Wednesday, June 3, 2009

Where do Veterinary student come from?

So, while many readers may be college or high schools, there is a great number of veterinary school applicants that have very different backgrounds. The reason I say this is because many students really feel the need to compete with other prevet students they may be sharing classes with. It’s easy to start comparing grades with others at your college to try and gage your chances of getting into vet school. The truth is you are competing with a vast number of applicants, many of whom are not undergrad college students.

For example, I know of a former science teacher, military veteran, lawyers, medical doctors, veterinary technicians, students just completing their masters, and waitress that all applied and were accepted to veterinary school. Honestly, very few people in my class were students that I have ever met before.

My point here is that the pool of people applying to veterinary is large and diverse. Do not just assume that because your making better grades than most students at your college that your guaranteed a spot in vet school. Likewise, if you are a non-tradition student, a working adult, or whatever your situation you have a chance of getting into vet school.


Anonymous said...

How many older students have you seen?

I'm 31, and realized I've missed my calling - I'm 1/2 thru another masters and was thinking of trying to get a vet school - but to do so I would have to quit my job and take a few basics classes (I went liberal arts for my bachelors several years ago).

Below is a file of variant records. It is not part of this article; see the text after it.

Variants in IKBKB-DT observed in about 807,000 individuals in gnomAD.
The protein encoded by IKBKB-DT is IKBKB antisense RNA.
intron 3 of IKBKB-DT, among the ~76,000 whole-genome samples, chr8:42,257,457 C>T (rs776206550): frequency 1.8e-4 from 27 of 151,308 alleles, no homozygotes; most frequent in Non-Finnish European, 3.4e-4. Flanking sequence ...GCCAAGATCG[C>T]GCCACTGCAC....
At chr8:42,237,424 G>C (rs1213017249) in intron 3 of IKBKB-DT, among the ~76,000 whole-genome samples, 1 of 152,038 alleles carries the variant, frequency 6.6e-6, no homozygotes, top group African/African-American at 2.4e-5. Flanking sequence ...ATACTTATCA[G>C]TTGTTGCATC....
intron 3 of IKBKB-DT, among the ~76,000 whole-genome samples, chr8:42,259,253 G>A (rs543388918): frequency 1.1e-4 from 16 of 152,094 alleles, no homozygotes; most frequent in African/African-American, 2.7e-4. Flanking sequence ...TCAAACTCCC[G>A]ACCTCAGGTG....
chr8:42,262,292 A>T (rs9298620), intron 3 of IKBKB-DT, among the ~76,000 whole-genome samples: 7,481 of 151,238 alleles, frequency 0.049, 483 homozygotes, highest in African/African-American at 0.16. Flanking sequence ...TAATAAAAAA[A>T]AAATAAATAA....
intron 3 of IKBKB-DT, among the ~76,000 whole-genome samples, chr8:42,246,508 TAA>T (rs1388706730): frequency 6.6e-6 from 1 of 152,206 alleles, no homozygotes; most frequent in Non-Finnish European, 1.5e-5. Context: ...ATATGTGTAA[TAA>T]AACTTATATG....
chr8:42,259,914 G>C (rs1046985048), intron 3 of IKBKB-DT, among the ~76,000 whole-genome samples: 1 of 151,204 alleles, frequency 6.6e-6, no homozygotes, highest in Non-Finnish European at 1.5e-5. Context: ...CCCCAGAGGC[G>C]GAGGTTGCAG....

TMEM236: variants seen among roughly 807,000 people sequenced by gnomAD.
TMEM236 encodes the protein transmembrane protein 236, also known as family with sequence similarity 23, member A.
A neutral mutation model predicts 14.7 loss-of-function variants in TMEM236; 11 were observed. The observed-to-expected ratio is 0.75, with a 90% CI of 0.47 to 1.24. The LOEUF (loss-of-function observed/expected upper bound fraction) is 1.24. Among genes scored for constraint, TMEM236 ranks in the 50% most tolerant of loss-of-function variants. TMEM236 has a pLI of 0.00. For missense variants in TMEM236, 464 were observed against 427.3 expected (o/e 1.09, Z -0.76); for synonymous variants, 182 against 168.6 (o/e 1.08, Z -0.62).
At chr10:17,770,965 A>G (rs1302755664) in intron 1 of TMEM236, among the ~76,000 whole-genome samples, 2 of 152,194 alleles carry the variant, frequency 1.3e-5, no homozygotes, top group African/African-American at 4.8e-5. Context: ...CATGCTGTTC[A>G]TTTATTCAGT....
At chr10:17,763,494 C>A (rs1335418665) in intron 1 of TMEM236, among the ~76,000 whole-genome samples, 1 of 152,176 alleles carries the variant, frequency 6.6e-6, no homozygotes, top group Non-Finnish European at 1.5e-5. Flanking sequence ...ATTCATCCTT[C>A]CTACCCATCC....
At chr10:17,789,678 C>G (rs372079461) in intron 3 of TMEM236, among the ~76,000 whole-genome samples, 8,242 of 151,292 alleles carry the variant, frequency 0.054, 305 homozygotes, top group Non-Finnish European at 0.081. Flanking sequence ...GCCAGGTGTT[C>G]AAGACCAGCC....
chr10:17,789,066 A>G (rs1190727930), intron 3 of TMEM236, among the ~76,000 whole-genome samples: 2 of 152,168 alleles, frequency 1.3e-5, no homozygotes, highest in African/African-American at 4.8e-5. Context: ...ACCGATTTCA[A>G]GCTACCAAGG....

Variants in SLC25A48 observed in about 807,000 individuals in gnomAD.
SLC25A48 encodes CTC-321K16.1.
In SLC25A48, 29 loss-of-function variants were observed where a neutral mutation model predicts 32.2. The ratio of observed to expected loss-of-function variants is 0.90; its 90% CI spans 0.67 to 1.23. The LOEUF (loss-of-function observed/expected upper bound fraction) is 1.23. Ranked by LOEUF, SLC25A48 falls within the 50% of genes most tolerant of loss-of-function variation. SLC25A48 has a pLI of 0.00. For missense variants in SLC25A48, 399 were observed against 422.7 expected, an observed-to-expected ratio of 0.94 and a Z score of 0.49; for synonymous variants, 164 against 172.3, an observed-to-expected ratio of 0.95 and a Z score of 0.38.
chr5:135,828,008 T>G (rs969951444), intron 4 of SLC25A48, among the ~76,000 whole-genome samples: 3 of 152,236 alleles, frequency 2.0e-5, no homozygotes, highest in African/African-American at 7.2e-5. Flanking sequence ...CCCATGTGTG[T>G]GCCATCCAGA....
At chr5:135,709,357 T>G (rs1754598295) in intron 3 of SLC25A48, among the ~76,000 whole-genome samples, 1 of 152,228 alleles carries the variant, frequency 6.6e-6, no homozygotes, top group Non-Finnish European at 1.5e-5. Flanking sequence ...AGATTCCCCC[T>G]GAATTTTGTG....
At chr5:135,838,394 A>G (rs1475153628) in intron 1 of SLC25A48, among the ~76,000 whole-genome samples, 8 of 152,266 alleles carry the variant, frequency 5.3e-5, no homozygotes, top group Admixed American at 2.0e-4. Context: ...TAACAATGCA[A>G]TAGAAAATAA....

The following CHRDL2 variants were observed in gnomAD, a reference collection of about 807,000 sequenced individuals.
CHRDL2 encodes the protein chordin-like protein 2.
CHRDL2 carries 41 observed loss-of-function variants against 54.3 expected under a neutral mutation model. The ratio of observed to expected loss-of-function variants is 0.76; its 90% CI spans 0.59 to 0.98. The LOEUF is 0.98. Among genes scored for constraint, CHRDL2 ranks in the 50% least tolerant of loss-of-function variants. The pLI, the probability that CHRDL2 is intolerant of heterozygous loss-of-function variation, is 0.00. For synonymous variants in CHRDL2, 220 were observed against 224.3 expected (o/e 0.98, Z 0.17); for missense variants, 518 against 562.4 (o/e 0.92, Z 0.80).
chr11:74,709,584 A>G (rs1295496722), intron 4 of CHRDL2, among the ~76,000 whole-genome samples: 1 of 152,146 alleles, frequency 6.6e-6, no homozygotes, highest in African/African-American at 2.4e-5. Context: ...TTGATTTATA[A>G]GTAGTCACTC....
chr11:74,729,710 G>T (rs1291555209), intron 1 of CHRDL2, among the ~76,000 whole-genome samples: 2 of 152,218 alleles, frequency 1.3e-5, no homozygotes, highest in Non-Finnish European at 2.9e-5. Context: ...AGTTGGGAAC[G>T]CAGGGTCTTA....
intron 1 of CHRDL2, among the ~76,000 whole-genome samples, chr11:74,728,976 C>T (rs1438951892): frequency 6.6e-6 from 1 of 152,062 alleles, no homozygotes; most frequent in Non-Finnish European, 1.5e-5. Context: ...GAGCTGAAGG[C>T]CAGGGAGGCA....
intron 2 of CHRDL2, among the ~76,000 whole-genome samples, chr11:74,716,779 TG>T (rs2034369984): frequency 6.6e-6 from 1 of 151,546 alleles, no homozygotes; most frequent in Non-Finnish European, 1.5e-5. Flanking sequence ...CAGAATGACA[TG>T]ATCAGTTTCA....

I'm just kinda wondering if it's worth me 'starting over' to get in.

jonp21 said...

I have seen a fair share of older students while going through veterinary school. In my class alone there are 5 students in their mid 30's, three of which have young children. So it's not too rare at all.

Now, if it's worth is to "start all over" is really something you have to figure out. Realize there will be large time commitment. Once in vet school, classes plus studying can easily take 60 hours a weeks. Plus, once you get to rotations your basically in the hospital for an entire year, with only enough time off to eat and sleep. Also, if you need student loans to cover the cost of tuition, the average vet student will accumulate about $120,000 of student loan debt while in school. Plus, the average starting salary once you do graduate is only currently about $70,000.

Basically, the choice enter veterinary school is critical. The time and money required is huge, and therefore only people that really want and know they want to be veterinarians should consider it. For these people it leads to a great career that is fun, exciting, and they eventually will make a very good living doing it.

If you haven't already, go work for a vet, get some real-life first hand experience at what they job entails. If it is something that you really love, then by all means go and do it, then all the hard work will be well worth it.

Anonymous said...

"Worth it" was a bad choice of words - what I meant by that is I didn't want to quit my job and go back to school full time (to get some science credits) if most vet schools didn't take older students. Trust me, I know I'll be broke for awhile! =)